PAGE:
9. Hamid Beladi & Nicholas S. P. Tay & Reza Oladi, 2011. "On Competition for Listings," Working Papers 0003, College of Business, University of Texas at San Antonio.
    10. Cutler, David M. & Elmendorf, Douglas W. & Zeckhauser, Richard, 1999. "Restraining the Leviathan: property tax limitation in Massachusetts," Journal of Public Economics, Elsevier, vol. 71(3), pages 313-334, March.
    11. Jan Schnellenbach, 2004. "The Evolution of a Fiscal Constitution When Individuals are Theoretically Uncertain," European Journal of Law and Economics, Springer, vol. 17(1), pages 97-115, January.
    12. Anderson, Nathan B., 2012. "Market value assessment and idiosyncratic tax-price risk: Understanding the consequences of alternative definitions of the property tax base," Regional Science and Urban Economics, Elsevier, vol. 42(4), pages 545-560.
    13. Holger Sieg & V. Kerry Smith & Spencer Banzhaf & Randy Walsh, 2000. "Using Locational Equilibrium Models to Evaluate Housing Price Indexes," NBER Working Papers 7934, National Bureau of Economic Research, Inc.
    14. Ron Cheung, 2005. "The Effect of Property Tax Limitations on Residential Private Governments," Working Papers wp2005_05_01, Department of Economics, Florida State University.
    15. Alm, James & Buschman, Robert D. & Sjoquist, David L., 2014. "Foreclosures and local government revenues from the property tax: The case of Georgia school districts," Regional Science and Urban Economics, Elsevier, vol. 46(C), pages 1-11.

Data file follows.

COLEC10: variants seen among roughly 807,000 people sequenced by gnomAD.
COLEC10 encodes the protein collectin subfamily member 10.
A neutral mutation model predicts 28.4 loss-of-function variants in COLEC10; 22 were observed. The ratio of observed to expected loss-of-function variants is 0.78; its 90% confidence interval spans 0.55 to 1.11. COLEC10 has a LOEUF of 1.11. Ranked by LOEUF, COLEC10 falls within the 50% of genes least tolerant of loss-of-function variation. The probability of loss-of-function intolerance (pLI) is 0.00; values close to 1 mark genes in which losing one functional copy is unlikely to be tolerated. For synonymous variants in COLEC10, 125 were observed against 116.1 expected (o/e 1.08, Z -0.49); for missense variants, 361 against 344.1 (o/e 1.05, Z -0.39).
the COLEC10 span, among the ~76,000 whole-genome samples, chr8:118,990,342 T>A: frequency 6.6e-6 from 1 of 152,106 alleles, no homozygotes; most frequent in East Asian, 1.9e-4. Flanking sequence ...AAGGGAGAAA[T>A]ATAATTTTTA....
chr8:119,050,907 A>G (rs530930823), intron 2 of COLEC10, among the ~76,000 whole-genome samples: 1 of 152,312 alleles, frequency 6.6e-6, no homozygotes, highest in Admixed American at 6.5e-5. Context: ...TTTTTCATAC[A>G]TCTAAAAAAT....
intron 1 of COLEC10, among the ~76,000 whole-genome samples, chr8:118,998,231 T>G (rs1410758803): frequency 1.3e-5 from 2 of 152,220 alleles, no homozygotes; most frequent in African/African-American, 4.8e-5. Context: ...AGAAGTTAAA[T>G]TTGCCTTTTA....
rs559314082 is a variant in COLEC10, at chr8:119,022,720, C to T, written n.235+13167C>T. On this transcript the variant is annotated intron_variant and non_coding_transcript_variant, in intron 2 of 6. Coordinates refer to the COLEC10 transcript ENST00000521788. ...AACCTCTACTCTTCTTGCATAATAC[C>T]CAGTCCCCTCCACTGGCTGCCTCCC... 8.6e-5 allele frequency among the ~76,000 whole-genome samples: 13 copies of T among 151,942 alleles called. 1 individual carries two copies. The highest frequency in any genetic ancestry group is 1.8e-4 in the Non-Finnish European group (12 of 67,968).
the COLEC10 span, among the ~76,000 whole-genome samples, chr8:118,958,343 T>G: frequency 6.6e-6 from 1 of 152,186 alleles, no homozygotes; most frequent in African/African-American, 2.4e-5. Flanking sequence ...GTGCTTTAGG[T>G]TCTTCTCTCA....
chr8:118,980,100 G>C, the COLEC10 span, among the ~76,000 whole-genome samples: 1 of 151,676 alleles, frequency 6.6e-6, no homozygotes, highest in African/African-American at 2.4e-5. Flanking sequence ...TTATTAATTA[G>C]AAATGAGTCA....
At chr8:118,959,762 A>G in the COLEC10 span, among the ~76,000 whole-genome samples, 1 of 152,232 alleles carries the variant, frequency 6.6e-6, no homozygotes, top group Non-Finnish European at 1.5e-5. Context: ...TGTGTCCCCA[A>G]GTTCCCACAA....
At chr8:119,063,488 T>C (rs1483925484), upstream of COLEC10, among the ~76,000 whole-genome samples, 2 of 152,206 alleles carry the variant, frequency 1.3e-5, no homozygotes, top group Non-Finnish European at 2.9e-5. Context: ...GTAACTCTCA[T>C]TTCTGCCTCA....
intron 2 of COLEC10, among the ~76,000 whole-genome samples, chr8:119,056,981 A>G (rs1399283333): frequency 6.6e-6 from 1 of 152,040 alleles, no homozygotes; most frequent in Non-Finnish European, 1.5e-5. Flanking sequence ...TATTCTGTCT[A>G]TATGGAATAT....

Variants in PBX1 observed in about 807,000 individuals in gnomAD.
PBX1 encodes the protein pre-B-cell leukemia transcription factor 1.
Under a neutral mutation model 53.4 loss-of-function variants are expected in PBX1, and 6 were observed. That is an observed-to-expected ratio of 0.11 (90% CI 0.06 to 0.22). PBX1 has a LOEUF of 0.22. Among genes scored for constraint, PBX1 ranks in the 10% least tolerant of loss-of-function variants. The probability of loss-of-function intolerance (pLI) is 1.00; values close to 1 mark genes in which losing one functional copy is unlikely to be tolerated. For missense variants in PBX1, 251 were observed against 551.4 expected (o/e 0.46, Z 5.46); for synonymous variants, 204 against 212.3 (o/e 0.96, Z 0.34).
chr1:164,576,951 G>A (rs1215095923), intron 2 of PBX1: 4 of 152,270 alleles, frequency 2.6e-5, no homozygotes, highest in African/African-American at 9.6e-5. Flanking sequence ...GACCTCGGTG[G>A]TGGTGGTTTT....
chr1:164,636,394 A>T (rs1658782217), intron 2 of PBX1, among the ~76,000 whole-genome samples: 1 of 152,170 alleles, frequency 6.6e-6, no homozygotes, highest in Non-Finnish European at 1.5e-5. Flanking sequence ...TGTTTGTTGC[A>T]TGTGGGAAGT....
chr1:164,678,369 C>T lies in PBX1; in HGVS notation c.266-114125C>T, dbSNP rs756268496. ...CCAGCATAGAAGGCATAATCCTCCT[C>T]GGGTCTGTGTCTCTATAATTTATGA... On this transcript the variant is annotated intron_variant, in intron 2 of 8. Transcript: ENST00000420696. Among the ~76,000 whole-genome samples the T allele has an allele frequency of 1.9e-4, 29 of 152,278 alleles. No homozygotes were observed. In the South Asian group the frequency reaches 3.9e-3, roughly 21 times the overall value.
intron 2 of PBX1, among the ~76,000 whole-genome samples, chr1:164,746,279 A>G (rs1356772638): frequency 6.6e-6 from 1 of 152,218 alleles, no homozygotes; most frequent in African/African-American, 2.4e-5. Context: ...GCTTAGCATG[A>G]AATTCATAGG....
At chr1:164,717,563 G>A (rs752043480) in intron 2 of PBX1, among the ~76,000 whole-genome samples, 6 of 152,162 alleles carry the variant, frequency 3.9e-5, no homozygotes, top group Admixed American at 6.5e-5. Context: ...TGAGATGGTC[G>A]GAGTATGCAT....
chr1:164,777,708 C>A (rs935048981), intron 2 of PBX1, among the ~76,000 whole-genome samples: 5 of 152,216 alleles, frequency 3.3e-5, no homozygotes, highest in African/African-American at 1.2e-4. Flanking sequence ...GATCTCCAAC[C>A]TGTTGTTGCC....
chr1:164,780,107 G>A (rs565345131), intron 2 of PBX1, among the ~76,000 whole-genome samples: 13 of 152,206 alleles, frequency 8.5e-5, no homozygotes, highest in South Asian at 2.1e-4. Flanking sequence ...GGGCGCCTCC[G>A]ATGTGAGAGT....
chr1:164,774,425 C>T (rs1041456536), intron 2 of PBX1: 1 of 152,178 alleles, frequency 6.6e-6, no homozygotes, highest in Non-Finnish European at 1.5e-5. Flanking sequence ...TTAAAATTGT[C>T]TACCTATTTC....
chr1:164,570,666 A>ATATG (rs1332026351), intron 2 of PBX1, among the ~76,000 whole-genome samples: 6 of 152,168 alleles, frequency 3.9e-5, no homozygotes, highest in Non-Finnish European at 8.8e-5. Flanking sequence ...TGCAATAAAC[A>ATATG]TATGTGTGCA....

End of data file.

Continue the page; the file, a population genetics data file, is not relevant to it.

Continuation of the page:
16. Todd Sinai & Joseph Gyourko, 2004. "The (Un)changing Geographical Distribution of Housing Tax Benefits: 1980 to 2000," NBER Working Papers 10322, National Bureau of Economic Research, Inc.
    17. Lars P. Feld & Gebhard Kirchgassner, 2006. "On the Effectiveness of Debt Brakes: The Swiss Experience," CREMA Working Paper Series 2006-21, Center for Research in Economics, Management and the Arts (CREMA).
    18. Alm, James & Buschman, Robert D. & Sjoquist, David L., 2011. "Rethinking local government reliance on the property tax," Regional Science and Urban Economics, Elsevier, vol. 41(4), pages 320-331, July.
    19. Thomas A. Downes, 2002. "Do state governments matter?: a review of the evidence on the impact on educational outcomes of the changing role of the states in the financing of public education," Conference Series ; [Proceedings], Federal Reserve Bank of Boston, vol. 47(Jun), pages 143-180.
    20. Raymond D. Sauer, 2001. "The political economy of gambling regulation," Managerial and Decision Economics, John Wiley & Sons, Ltd., vol. 22(1-3), pages 5-15.
    21. Nada Wasi & Michelle J. White, 2005. "Property Tax Limitations and Mobility: The Lock-in Effect of California's Proposition 13," NBER Working Papers 11108, National Bureau of Economic Research, Inc.
    22. Bradley, Sebastien, 2012. "Property Tax Salience and Payment Delinquency," School of Economics Working Paper Series 2012-9, LeBow College of Business, Drexel University.
    23. Eric J. Brunner & Jon Sonstelie, 2006. "California's School Finance Reform: An Experiment in Fiscal Federalism," Working papers 2006-09, University of Connecticut, Department of Economics.